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Muse in the Machine : Essays on Poetry And the Anatomy of the Body Politic

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Music, race, politics, and conscience. In these eight essays written over the span of a decade and a half, T. R. Hummer explains how, for him, such abiding concerns revolve around the practice of poetry and the evolution of a culturally responsible personal poetics. Hummer writes about the suicide of poet Vachel Lindsay, the culture wars at the National Endowment for the Arts, the 1991 Persian Gulf War, the divided soul of his native American South, and the salving, transcendent practice of musicianship. Inevitably entwined with a personal or cultural component, Hummer's criticism is thus grounded in experience that is always familiar and often straight to the heart in its rightness.

In one of those statements of "poetic purpose" that goes hand in hand with a residency, guest editorship, or lecture tour, Hummer once wrote that "poetry inhabits and enunciates an incommensurable zone between individual and collective, between body and body politic, an area very ill-negotiated by most of us most of the time. Our culture, with its emphasis on the individual mind and body, teaches us very little about how even to think about the nature of this problem. . . . E pluribus unum is a smokescreen: what pluribus; what unum? And yet this phrase is an American mantra, as if it explained something." This is a quintessential Hummer moment: a writer has just given himself a good reason to quit. What Hummer knows must happen next is what The Muse in the Machine is all about.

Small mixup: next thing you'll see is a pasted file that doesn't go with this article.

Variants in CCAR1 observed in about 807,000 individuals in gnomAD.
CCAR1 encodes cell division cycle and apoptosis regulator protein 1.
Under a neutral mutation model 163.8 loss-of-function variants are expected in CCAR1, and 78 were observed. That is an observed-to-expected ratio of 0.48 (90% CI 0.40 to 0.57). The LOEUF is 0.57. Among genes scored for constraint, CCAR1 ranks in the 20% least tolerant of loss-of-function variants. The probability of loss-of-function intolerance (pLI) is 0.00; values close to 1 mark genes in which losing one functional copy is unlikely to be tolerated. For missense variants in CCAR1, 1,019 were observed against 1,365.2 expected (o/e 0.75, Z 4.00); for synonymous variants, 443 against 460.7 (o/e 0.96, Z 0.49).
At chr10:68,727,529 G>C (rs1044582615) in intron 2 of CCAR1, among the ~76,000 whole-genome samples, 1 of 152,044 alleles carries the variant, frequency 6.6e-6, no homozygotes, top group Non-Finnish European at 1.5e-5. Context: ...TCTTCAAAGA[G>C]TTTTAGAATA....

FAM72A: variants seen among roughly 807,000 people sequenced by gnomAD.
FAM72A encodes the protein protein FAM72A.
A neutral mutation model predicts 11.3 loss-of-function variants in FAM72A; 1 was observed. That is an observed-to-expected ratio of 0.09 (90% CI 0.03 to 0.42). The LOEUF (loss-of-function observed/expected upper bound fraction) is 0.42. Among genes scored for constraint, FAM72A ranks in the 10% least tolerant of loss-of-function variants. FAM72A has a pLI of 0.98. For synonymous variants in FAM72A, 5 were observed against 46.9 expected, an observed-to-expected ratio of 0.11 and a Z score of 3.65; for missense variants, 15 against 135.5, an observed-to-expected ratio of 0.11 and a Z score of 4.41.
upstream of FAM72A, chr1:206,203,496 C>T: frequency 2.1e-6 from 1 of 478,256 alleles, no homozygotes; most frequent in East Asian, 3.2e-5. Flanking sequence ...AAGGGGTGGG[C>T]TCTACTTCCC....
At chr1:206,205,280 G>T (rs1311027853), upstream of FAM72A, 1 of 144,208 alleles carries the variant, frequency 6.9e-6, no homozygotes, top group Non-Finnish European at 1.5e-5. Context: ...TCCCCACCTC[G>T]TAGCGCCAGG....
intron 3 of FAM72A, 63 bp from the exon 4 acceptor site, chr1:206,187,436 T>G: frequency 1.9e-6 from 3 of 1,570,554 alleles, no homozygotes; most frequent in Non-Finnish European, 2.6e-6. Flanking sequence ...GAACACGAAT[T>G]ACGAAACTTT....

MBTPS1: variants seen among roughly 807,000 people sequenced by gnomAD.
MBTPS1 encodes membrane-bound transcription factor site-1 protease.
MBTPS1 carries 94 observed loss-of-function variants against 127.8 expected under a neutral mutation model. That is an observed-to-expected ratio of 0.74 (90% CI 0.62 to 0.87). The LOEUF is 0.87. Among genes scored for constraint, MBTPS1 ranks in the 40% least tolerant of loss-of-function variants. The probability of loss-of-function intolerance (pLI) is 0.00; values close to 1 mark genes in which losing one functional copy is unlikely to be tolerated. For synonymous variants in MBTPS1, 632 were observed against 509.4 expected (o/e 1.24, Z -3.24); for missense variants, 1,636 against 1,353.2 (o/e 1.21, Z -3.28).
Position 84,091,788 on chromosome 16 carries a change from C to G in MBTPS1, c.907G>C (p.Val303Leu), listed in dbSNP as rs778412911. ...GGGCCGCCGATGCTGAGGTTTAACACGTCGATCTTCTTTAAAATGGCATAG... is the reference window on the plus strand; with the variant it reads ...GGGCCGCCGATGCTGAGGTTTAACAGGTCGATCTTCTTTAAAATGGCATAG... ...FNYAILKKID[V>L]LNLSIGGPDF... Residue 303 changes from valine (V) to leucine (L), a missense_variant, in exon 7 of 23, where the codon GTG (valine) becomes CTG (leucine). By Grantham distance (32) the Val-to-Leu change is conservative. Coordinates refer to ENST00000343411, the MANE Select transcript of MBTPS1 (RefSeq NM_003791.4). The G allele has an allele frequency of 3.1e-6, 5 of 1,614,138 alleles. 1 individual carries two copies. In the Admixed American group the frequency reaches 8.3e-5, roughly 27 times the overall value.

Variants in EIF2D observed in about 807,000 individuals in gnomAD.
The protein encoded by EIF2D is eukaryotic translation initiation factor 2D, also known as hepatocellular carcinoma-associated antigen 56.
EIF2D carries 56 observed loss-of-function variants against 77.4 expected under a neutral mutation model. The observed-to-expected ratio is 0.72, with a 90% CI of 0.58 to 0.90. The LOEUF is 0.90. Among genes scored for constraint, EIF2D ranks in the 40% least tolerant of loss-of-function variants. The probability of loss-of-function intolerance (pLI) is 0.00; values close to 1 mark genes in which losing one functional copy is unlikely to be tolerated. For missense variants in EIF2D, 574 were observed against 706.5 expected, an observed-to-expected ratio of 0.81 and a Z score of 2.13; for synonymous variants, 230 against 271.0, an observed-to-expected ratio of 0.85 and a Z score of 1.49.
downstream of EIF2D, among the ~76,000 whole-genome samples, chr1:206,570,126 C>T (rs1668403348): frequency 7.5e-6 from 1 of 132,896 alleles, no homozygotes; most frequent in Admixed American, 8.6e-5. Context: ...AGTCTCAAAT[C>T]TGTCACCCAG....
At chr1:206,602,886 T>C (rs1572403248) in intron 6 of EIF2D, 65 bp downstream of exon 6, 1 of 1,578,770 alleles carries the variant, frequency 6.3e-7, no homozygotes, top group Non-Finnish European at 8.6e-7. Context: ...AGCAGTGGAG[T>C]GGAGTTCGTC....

Useless Virtues, T. R. Hummer's seventh book of poetry, is a wide-ranging series of forays into metaphysical territory. Its presiding inquiry concerns the dependency of our consciousness and our spirit on the untrustworthy powers of language. How often and how deeply is our faith -- in words, if not in gods -- misplaced, destructive, glorious, redemptive? How can we know? This powerful collection is fueled by the desire to answer these impossible, indispensable questions.
The centerpiece of the book, Axis, takes as its terrain the thought of Martin Heidegger, and through this brilliant and controversial figure the nature of identity, of humanity, is contemplated. The poem is, finally, a lyrical farewell to the poet's father and to his generation -- the generation for which World War II was the great defining destiny -- and hence to that century we called 19.
In these poems we find the almost sensual allure of direst possibility. From a woman who, during lovemaking, envisions strangling her lover, to a Pernod drinker whose dark imaginings recall the absinthe addicts of an earlier era -- mortality and loss, as well as human failing, are hovering presences.
Philosophic and searching, traditional yet bold, Useless Virtues is the work of a master poet at his best.